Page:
Mitt Romney’s ridiculous “binders full of women” soundbite is certainly getting the bulk of the attention in today’s recaps of last night’s presidential debate (and, it’s worth noting that he straight up lied about requesting those binders in the first place). But it was his anecdotal focus on women in the workplace needing “flexibility” that struck me as most galling. The candidates were asked the following question: “In what new ways do you intend to rectify the inequalities in the workplace, specifically regarding females making only 72 percent of what their male counterparts earn?” After Obama answered first (you can read the full debate transcript here), Romney followed up his “binders full of women” story with the following:
“I recognized that if you’re going to have women in the workforce that sometimes you need to be more flexible. My chief of staff, for instance, had two kids that were still in school.
She said, I can’t be here until 7 or 8 o’clock at night. I need to be able to get home at 5 o’clock so I can be there for making dinner for my kids and being with them when they get home from school. So we said fine. Let’s have a flexible schedule so you can have hours that work for you. …
What we can do to help young women and women of all ages is to have a strong economy, so strong that employers that are looking to find good employees and bringing them into their workforce and adapting to a flexible work schedule that gives women opportunities that they would otherwise not be able to afford.” Keep reading »
During last night’s presidential debate, the candidates were asked what they’d do to improve the status of women and ensure equal pay. And while President Obama discussed his work on the Lilly Ledbetter act, Mitt Romney accidentally said one of the most talked about phrases of the evening. Speaking to the crowd, he said that he once had the opportunity to put a board together, but was dismayed to see only male candidates presented. So:
“We took a concerted effort to go out and find women who had backgrounds that could be qualified to become members of our cabinet. I went to a number of women’s groups and said: ‘Can you help us find folks,’ and they brought us whole binders full of women.”
For whatever reason, the phrase has taken off, and now there’s a Tumblr and a Facebook page devoted to Romney’s binders, where information about the wage gap and Romney’s policies are offered up. And before the debates were even through, someone had set up an @RomneysBinder Twitter account. It currently has more than 30,000 followers. I happen to think Romney’s binder is probably just filled with pictures of Delta Burke, but maybe that’s just me? [ABC News]
Check out some of the best images from the Binders Full Of Women Tumblr above!
The Scott Brown campaign has admitted that it has been paying homeless people to demonstrate in Boston’s working-class Roxbury neighborhood with signs declaring themselves “Obama Supporters for Brown.” Benjamin Thomas, the former city elections commissioner running the operation, tells the Boston Herald that these “supporters” are paid a per-diem that “works out to” about $8 an hour, financed through the GOP’s MassVictory program. But he insists that all of them would support Brown even if they weren’t being paid. Thomas, who is black, says the program is designed to appeal to black voters. Read more…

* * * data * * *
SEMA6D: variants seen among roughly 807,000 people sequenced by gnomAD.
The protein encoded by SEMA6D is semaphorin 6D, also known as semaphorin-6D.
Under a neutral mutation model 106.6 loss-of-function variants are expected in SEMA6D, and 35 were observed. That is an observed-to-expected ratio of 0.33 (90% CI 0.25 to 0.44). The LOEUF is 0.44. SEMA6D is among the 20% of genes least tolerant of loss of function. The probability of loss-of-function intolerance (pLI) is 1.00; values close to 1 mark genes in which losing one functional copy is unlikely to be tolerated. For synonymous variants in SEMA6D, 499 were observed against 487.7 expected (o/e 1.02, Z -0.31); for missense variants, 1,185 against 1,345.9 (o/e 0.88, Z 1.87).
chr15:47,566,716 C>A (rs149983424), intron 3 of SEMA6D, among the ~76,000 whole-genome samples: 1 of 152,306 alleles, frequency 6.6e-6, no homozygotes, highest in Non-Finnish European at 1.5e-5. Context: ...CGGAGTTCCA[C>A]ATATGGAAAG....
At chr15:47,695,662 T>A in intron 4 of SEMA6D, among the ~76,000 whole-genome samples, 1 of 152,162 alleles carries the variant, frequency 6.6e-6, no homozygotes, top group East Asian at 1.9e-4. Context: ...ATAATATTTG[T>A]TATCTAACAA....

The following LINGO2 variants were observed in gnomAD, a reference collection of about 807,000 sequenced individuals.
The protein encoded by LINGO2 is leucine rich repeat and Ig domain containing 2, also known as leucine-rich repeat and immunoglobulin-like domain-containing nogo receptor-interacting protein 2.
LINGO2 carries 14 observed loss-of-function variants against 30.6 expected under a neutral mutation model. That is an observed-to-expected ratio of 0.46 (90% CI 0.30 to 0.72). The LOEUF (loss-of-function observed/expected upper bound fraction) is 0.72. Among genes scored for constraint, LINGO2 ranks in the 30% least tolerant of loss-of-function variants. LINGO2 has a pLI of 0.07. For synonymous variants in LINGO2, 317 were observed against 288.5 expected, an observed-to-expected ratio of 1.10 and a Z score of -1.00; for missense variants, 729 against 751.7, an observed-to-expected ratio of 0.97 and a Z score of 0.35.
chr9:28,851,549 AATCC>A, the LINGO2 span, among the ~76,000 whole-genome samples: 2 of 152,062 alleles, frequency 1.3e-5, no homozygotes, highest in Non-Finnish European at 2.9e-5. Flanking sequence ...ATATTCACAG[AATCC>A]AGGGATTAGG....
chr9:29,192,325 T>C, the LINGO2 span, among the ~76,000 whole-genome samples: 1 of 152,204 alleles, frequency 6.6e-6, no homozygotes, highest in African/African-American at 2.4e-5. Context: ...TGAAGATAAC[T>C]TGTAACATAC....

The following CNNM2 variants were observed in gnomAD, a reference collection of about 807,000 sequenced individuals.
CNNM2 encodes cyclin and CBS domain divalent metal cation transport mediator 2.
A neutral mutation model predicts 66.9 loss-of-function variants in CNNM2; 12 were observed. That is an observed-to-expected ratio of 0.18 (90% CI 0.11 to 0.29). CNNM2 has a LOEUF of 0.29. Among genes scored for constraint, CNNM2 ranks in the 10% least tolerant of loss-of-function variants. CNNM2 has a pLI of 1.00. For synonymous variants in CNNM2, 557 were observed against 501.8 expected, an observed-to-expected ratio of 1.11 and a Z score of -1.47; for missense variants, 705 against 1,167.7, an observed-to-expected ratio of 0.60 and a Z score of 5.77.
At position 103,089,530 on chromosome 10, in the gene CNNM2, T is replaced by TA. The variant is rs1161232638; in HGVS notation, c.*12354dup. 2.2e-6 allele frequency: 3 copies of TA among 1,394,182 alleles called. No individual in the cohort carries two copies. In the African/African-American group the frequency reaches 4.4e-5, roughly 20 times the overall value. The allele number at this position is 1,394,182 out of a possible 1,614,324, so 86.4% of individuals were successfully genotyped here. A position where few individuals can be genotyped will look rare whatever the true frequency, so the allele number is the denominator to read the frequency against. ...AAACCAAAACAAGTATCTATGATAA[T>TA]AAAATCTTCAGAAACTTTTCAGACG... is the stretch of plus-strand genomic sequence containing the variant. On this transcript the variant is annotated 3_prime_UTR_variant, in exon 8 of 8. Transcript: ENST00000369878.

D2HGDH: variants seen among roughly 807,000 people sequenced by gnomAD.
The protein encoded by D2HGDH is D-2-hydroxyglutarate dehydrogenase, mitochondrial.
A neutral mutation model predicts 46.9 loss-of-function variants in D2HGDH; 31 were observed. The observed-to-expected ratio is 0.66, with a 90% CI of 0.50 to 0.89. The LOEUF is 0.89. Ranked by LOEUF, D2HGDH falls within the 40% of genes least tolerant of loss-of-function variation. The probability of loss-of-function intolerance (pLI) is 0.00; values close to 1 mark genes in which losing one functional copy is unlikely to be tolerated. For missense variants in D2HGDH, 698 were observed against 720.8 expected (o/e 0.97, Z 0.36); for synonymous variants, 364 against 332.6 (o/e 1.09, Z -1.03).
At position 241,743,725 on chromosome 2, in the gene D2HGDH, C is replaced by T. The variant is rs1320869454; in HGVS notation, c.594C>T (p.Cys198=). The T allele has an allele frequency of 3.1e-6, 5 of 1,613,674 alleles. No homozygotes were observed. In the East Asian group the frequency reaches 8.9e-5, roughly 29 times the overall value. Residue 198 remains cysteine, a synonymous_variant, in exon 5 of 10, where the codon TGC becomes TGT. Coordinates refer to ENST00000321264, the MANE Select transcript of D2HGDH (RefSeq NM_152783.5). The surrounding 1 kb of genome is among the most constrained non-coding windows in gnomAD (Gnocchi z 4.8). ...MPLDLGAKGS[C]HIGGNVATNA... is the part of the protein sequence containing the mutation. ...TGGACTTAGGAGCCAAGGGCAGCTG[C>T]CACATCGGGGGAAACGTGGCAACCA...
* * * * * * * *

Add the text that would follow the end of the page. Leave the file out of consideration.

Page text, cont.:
No matter who you think won the debate Thursday night between Vice President Joe Biden and VP hopeful Paul Ryan, you have to hand it to moderator Martha Raddatz for having better control over the faceoff than Jim Lehrer did at the first presidential debate last week.Both Biden and Ryan had no choice but to zip it when Martha cut them off with “We’re gonna move on” or “gentlemen.” She also was tough on the guys when it came to their answers, calling them out for more specifics and asking about whether the math added up.
As an expert on foreign policy, it was clear Martha knew what she was talking about, and she interjected the debate with her knowledge when appropriate. She also found a unique way to ask the men about their views on abortion, inquiring about how both Biden and Ryan’s Catholic faith affects their stance on the issue. If you were as curious as us about last night’s moderator, here are five things to know about her:
- Rap Fan: For those of you watching the debate on C-SPAN last night, you would have caught Martha poking a joke at herself when she mentioned Chamillionaire while telling audience members to turn their phones off. This referenced her 2007 snafu — while serving as ABC News’s chief White House correspondent under the Bush administration — when her cell phone went off with Chamillionaire’s “Ridin” as the ring tone during a White House press briefing. Read more…
On this week’s episode of “What We Missed,” I totally bite it! So clutzy. Also, Ami and Jessica were both super pumped about a new documentary they saw called “Girl Model,” which takes a disturbing look at how model scouts go to small Eastern European villages and scout girls as young as 12 and 13, sending them to places like Japan to work. Keep reading »
Towards the end of last night’s extremely entertaining (I thought) Vice Presidential Debate, moderator Martha Raddatz asked Joe Biden and Paul Ryan the following question:
“We have two Catholic candidates, first time on a stage such as this, and I would like to ask you both to tell me what role your religion has played in your own personal views on abortion. Please talk about how you came to that decision. Talk about how your religion played a part in that. And please, this is such an emotional issue for so many people in this country. Please talk personally about this if you could.”
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